LaGrange (Cambridge, Maryland)
LaGrange known as La Grange Plantation or Meredith House, is a historic home located at Cambridge, Dorchester County, United States. It was built about 1760; the house is a 2 1⁄2-story Flemish bond brick house and is one of the few remaining Georgian houses in the town. Sun porches and a frame wing were added to the main house in the late early 20th centuries. Three outbuildings remain, including a late 19th-century dairy, an 18th-century smokehouse, a 20th-century garage. LaGrange was listed on the National Register of Historic Places in 1980; the Dorchester County Historical Society owns the La Grange Plantation and operates it as an open museum of local history. The different buildings include the 1760 period furnished Meredith House, exhibits on local history, domestic life, antique transportation vehicles, tools used by a woodworker and blacksmith. Dorchester County Historical Society LaGrange, Dorchester County, including photo from 1999, at Maryland Historical Trust
Lagrange: The Flower of Rin-ne
Lagrange: The Flower of Rin-ne is a Japanese anime television series produced by Xebec and Production I. G and directed by Tatsuo Sato and Toshimasa Suzuki, written by Shotaro Suga, original character design by Haruyuki Morisawa and music by Saeko Suzuki & TOMISIRO; the first season aired in Japan between January 8, 2012 and March 24, 2012 while the second season started airing between July 8, 2012 and September 23, 2012 following a recap episode on July 1, 2012. Both seasons have been licensed by Viz Media in North America and Anime on Demand in the United Kingdom. A manga accompaniment began serialization in Enix's Young Gangan magazine and a light novel from Media Factory, both from September 2011. A hybrid Blu-ray Disc containing an original video animation and a PlayStation 3 video game was released on August 23, 2012. Madoka Kyouno is an energetic girl, always full of passion and enthusiasm; as the proud and only member of the Kamogawa Girls' High School's Jersey Club, she is always ready to assist anyone, in need of help.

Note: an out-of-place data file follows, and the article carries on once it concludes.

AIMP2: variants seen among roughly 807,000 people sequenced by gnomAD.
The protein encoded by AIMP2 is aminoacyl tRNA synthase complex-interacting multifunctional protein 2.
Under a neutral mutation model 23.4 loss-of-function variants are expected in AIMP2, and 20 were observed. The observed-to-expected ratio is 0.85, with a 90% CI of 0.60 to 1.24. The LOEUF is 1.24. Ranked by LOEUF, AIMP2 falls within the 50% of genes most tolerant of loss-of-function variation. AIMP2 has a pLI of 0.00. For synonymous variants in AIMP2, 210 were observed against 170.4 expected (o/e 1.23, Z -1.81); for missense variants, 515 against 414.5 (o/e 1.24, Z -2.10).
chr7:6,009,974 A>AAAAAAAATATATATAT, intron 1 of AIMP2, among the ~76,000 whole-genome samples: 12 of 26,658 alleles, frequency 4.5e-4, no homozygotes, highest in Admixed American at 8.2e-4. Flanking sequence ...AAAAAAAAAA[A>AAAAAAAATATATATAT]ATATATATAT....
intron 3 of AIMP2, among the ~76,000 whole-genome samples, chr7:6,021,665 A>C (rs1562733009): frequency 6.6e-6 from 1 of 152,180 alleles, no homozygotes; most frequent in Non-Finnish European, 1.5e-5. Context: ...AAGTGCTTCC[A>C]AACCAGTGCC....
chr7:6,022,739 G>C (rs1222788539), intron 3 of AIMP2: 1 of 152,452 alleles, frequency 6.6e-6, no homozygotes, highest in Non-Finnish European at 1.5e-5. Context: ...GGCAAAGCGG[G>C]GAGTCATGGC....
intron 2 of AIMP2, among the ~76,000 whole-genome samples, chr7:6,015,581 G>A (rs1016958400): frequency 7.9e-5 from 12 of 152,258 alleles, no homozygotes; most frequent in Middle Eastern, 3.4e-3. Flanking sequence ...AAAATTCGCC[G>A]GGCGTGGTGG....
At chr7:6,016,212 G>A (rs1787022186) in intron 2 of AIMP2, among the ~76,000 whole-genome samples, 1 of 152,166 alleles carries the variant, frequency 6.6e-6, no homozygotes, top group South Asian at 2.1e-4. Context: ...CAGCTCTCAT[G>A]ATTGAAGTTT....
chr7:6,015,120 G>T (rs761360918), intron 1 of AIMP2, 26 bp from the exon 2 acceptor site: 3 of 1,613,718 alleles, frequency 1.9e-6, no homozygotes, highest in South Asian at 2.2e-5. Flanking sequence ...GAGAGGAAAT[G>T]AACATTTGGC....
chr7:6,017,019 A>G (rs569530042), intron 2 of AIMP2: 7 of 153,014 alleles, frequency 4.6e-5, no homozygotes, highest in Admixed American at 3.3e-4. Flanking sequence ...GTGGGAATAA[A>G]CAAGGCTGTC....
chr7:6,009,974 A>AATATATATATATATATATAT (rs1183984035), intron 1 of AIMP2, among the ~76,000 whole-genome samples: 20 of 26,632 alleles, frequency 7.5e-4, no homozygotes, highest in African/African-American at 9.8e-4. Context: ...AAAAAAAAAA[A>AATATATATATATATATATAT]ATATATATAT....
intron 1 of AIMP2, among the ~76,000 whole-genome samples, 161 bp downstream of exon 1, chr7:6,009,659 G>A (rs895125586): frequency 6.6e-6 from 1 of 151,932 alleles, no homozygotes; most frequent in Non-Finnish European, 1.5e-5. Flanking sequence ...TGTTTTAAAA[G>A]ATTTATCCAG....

However, her life takes an unexpected and surprising turn when a mysterious alien named Lan arrives on Earth and asks her to operate a strange robotic aircraft-like vehicle which she encountered while drowning ten years ago. Motivated by her desire to protect the city of Kamogawa and its people, Madoka agrees to pilot the awakened Vox Unit to fight against dangerous aliens that have come to wreak havoc on Earth. Madoka Kyouno Voiced by: Kaori Ishihara, she draws a circle in the air when she finishes helping someone. She soon discovers she has the ability to pilot a strange robotic aircraft known as the Vox Aura, which she encountered ten years ago when she drowned, she names this Vox unit Midori, after its green colour. In Season 2, she is in her last year of high school and has not thought what she is going to do for the future, she still helps out with her uncle's new beach cafe. Lan / Fin E Ld Si Laffinty Voiced by: Asami Seto, she is not used to Earth culture and picks up terms from the strangest sources barking like a dog after Asteria tricked her into thinking it was a standard Earth greeting.